In mid-September, store owner Kelvin Anderson announced that the World Famous VIP Records in Long Beach announced the end of an era. He said that the store, which was made famous by Snoop Dogg and was considered a landmark of the famed West Coast rap sound in the '90s, will fold by the end of October if an alternative business plan can't be developed. Since his Sept. 14 announcement, Anderson has launched a petition to get VIP recognized as a historic landmark (sign it here), but he's also said that the store may just go a different (non-musical) direction after the outpouring of support for the brick-and-mortar location.
In a story by the Press Telegram, Anderson cites the store's debt as the cause of the news. His physical record store was not being able to compete with the Internet, he says: “I knew this day was coming…It's been real tough for the last few years, maintaining, but we are way too far behind financially now to come back selling CDs.”
For followers of Southern California hip-hop, the news is heartbreaking–especially after Nate Dogg's death in March this year. VIP was a hub for many artists throughout its history; Snoop Dogg, Warren G and Nate Dogg, known as 213, got their start at VIP, and recorded their first album there.
After the jump, the top five reasons we're going to miss the World Famous VIP Records.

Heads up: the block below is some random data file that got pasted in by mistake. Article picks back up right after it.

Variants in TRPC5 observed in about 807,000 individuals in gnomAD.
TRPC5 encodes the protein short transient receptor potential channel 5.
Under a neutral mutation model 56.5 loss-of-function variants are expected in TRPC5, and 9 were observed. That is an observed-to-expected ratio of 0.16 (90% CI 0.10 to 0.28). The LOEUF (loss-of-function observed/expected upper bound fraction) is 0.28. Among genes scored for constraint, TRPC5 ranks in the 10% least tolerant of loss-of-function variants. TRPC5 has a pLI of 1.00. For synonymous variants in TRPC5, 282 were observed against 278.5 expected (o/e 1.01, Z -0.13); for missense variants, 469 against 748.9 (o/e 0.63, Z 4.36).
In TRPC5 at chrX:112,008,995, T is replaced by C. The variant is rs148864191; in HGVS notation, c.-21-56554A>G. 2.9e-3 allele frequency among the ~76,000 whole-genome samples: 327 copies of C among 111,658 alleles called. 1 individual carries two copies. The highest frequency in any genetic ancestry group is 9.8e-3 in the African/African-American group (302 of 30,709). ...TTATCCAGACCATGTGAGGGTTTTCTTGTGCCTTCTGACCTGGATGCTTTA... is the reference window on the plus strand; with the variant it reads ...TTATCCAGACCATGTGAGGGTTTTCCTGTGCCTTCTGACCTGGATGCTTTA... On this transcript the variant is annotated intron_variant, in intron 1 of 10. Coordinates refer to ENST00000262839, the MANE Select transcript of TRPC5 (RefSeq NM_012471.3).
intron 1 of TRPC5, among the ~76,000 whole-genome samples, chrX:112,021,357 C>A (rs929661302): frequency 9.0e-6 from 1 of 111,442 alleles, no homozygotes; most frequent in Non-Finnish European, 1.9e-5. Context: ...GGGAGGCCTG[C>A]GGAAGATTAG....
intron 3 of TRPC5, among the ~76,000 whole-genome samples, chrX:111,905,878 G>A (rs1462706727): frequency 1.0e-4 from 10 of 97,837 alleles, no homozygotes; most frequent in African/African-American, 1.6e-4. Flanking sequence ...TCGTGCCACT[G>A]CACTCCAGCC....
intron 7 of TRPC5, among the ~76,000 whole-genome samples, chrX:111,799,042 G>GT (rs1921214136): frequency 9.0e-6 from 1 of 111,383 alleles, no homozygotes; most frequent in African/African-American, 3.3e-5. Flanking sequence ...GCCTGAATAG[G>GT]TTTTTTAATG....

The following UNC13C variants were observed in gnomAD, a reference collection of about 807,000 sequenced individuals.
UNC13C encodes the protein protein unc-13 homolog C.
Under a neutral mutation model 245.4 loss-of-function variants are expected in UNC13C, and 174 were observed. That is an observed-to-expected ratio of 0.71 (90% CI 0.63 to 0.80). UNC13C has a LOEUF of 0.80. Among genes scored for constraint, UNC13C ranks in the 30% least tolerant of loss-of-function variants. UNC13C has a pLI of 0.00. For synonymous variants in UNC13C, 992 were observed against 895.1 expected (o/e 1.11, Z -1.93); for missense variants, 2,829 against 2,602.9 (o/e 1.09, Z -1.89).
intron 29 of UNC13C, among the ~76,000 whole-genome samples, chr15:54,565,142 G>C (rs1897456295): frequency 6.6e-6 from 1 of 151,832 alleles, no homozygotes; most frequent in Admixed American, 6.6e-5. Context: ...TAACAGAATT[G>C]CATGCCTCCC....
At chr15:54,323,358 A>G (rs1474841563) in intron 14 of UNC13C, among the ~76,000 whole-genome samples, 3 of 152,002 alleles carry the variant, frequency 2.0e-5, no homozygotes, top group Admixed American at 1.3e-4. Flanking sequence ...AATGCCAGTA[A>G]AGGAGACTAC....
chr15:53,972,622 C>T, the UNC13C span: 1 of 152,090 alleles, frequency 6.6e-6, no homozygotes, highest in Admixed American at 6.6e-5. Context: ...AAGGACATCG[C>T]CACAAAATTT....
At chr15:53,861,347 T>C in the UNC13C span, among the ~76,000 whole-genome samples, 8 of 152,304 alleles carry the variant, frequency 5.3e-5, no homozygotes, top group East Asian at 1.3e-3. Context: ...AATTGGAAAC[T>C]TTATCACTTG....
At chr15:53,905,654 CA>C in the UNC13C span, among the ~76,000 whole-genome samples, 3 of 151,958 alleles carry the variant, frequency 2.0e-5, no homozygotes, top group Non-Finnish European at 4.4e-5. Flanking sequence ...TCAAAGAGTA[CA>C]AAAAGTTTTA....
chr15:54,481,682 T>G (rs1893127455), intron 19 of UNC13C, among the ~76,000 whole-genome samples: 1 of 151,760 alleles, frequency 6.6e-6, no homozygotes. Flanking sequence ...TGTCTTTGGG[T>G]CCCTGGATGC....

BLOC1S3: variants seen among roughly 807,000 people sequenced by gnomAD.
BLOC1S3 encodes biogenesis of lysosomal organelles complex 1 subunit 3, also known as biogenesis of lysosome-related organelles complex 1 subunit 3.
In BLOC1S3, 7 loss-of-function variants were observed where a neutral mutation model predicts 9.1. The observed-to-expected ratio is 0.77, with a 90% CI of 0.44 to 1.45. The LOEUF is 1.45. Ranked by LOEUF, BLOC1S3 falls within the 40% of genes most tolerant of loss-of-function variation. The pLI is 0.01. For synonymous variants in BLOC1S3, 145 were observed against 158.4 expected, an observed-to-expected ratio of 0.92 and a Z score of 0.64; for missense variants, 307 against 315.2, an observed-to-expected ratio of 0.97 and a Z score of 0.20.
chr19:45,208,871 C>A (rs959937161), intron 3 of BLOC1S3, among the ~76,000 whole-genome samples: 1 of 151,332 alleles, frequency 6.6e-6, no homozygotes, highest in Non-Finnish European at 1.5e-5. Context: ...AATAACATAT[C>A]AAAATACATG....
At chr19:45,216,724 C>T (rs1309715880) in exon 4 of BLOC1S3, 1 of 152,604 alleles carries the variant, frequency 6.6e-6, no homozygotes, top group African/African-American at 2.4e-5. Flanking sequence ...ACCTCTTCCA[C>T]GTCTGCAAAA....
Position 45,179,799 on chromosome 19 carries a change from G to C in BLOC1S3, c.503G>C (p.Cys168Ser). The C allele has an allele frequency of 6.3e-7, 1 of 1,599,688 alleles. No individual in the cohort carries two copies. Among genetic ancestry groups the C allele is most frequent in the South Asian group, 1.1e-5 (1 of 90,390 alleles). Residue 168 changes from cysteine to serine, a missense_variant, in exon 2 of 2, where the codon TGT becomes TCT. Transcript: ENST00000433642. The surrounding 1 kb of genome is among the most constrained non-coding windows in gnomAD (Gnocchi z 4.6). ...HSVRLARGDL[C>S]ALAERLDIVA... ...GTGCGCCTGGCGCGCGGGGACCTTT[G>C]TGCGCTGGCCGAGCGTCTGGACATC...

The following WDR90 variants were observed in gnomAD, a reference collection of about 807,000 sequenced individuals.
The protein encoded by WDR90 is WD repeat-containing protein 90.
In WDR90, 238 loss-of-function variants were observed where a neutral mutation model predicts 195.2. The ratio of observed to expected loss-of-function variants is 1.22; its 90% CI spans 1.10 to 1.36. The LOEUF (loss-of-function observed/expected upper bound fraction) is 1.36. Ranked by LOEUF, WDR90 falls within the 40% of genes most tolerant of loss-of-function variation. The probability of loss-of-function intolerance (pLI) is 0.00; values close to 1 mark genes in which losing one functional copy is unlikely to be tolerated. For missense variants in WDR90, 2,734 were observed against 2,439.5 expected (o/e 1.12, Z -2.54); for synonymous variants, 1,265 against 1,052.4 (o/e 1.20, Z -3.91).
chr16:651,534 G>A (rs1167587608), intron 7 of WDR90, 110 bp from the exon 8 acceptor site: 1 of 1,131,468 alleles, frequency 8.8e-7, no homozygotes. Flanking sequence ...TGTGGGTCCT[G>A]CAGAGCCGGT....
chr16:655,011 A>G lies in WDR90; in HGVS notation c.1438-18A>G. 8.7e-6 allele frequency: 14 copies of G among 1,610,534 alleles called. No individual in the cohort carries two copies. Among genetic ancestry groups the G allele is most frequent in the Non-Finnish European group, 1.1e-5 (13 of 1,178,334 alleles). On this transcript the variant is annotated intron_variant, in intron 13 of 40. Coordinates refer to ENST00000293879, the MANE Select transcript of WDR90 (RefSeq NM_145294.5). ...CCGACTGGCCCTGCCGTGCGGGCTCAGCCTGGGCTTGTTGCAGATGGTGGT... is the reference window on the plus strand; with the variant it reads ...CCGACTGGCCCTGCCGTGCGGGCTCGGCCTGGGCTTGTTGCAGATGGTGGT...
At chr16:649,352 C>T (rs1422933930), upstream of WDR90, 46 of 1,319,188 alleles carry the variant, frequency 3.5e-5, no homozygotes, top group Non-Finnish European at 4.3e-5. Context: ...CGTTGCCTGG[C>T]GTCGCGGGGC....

1. It was one of the breeding grounds for the West Coast sound.
The store on the
corner of Pacific Coast Highway and Martin Luther King Jr. Ave. made artists out of Long Beach kids. “Back in the day I put together a makeshift studio here and I
invested in some deejay equipment,” Anderson said in the Press-Telegram Story. “I set this equipment
up and a lot of times I wouldn't even know who was back there. I
believe it was a safe haven for a lot of these kids because at that time
you didn't have anywhere to hang out except VIP or King Park.”
2. VIP made this video happen.
3. It's a community landmark that makes you proud to live in Long Beach.
As Michael Baker, VIP's neighbor, says the record store “is like the grandfather here.” The place means a lot to the community around it. He also said, “I wish that all the people Kelvin helped throughout the years, like
Snoop Dogg and all the entertainment people, would try to do something
for him, because he has done a lot of things for a lot of music people.”
4. There's that iconic signage
The sign, made famous in various videos from the 1990s, may be sold on eBay, says Anderson. He says he can't bear to leave it behind: “Once I go the sign has to go.”
5. Being inside the World Famous VIP Records…
Makes you think you, too, will run into Snoop Dogg someday.